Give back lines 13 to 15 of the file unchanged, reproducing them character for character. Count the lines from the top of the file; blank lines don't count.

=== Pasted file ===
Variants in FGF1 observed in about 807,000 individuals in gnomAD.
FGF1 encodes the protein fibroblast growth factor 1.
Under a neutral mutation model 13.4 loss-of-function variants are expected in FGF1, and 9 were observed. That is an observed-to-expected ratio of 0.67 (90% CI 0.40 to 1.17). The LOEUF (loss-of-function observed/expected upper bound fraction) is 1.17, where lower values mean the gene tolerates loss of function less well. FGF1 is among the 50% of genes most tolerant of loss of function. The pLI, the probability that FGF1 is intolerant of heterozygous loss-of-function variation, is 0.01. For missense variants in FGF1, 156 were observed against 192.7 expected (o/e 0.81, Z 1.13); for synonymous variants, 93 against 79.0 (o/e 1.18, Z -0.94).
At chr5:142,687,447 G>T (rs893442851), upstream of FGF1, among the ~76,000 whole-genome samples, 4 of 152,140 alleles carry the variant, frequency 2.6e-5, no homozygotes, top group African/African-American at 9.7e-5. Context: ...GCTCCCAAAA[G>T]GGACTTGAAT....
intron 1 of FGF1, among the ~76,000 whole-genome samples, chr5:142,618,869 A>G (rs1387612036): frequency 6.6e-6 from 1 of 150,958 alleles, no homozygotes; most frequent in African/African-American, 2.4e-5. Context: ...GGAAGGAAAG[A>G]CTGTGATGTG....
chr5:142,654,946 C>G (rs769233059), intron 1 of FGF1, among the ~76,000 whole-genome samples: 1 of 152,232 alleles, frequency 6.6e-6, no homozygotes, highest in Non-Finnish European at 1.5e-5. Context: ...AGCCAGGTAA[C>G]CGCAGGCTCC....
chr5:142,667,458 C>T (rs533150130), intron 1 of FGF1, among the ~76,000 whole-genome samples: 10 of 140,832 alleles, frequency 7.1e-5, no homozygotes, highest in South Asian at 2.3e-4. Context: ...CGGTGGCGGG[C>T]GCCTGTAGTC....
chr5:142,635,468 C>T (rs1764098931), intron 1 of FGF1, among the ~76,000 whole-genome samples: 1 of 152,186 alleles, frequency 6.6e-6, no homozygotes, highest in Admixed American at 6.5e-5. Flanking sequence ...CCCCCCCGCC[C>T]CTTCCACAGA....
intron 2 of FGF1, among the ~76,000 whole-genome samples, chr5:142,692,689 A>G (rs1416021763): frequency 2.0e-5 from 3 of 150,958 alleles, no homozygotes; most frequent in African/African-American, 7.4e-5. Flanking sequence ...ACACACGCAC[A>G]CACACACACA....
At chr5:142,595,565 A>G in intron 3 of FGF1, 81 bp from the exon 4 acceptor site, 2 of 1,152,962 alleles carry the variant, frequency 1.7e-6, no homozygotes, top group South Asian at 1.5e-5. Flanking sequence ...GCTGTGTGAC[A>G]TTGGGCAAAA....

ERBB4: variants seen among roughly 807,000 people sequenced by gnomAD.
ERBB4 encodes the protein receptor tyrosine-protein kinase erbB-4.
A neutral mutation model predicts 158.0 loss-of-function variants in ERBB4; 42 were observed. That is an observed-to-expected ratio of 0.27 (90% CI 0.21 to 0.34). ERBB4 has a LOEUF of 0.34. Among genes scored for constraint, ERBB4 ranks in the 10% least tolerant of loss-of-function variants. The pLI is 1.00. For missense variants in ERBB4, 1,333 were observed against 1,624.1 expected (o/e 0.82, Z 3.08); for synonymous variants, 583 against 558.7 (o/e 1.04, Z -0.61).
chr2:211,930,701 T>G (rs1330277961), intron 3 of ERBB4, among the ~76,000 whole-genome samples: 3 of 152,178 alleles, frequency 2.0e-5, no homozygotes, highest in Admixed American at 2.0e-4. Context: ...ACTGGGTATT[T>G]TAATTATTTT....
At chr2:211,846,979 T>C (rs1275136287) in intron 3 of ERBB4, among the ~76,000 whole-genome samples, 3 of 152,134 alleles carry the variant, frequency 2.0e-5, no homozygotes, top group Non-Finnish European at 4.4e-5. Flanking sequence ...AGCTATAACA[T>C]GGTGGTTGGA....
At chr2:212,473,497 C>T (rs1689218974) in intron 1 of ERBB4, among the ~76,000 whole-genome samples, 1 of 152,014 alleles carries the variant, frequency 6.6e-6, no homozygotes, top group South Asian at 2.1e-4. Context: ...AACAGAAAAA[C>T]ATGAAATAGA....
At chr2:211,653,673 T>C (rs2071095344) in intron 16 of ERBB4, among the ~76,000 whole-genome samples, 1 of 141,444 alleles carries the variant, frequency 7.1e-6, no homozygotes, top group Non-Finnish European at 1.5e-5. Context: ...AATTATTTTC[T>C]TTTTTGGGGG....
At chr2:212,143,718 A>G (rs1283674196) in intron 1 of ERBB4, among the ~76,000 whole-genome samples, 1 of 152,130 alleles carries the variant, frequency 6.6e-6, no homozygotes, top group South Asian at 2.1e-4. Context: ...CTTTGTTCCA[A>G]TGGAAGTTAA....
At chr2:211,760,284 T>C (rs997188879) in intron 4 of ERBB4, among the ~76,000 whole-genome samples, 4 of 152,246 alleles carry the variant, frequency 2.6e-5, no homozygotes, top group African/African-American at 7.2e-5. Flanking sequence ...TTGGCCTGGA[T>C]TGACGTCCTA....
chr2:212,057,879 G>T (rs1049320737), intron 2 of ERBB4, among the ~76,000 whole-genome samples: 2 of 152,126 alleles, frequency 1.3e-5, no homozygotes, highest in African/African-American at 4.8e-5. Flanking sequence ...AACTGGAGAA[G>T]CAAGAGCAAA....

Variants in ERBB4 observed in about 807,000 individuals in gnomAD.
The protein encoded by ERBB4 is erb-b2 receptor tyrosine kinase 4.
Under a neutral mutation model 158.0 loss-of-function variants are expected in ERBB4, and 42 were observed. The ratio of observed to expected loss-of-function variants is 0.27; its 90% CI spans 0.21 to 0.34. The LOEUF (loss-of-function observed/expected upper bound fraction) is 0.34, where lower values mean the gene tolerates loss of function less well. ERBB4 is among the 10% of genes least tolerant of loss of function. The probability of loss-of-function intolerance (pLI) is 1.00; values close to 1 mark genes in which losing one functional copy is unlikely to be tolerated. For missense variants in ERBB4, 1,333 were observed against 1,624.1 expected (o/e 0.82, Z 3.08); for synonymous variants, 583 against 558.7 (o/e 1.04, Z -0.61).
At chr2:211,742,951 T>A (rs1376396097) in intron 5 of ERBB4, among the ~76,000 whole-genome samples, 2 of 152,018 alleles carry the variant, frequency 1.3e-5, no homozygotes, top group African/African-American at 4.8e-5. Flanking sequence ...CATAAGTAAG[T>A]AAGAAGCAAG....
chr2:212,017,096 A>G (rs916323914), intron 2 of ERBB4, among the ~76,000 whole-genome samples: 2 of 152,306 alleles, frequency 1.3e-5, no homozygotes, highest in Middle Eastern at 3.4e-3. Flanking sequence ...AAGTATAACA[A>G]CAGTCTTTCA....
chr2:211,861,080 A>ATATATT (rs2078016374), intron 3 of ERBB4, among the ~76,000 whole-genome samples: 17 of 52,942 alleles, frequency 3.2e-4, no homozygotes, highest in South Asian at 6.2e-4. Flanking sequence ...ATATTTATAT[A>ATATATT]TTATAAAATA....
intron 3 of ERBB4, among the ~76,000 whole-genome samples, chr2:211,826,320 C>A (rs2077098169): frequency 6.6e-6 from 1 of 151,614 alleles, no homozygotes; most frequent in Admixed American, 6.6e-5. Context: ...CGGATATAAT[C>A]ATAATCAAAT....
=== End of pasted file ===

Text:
A neutral mutation model predicts 158.0 loss-of-function variants in ERBB4; 42 were observed. That is an observed-to-expected ratio of 0.27 (90% CI 0.21 to 0.34). ERBB4 has a LOEUF of 0.34. Among genes scored for constraint, ERBB4 ranks in the 10% least tolerant of loss-of-function variants. The pLI is 1.00. For missense variants in ERBB4, 1,333 were observed against 1,624.1 expected (o/e 0.82, Z 3.08); for synonymous variants, 583 against 558.7 (o/e 1.04, Z -0.61).
chr2:211,930,701 T>G (rs1330277961), intron 3 of ERBB4, among the ~76,000 whole-genome samples: 3 of 152,178 alleles, frequency 2.0e-5, no homozygotes, highest in Admixed American at 2.0e-4. Context: ...ACTGGGTATT[T>G]TAATTATTTT....
At chr2:211,846,979 T>C (rs1275136287) in intron 3 of ERBB4, among the ~76,000 whole-genome samples, 3 of 152,134 alleles carry the variant, frequency 2.0e-5, no homozygotes, top group Non-Finnish European at 4.4e-5. Flanking sequence ...AGCTATAACA[T>C]GGTGGTTGGA....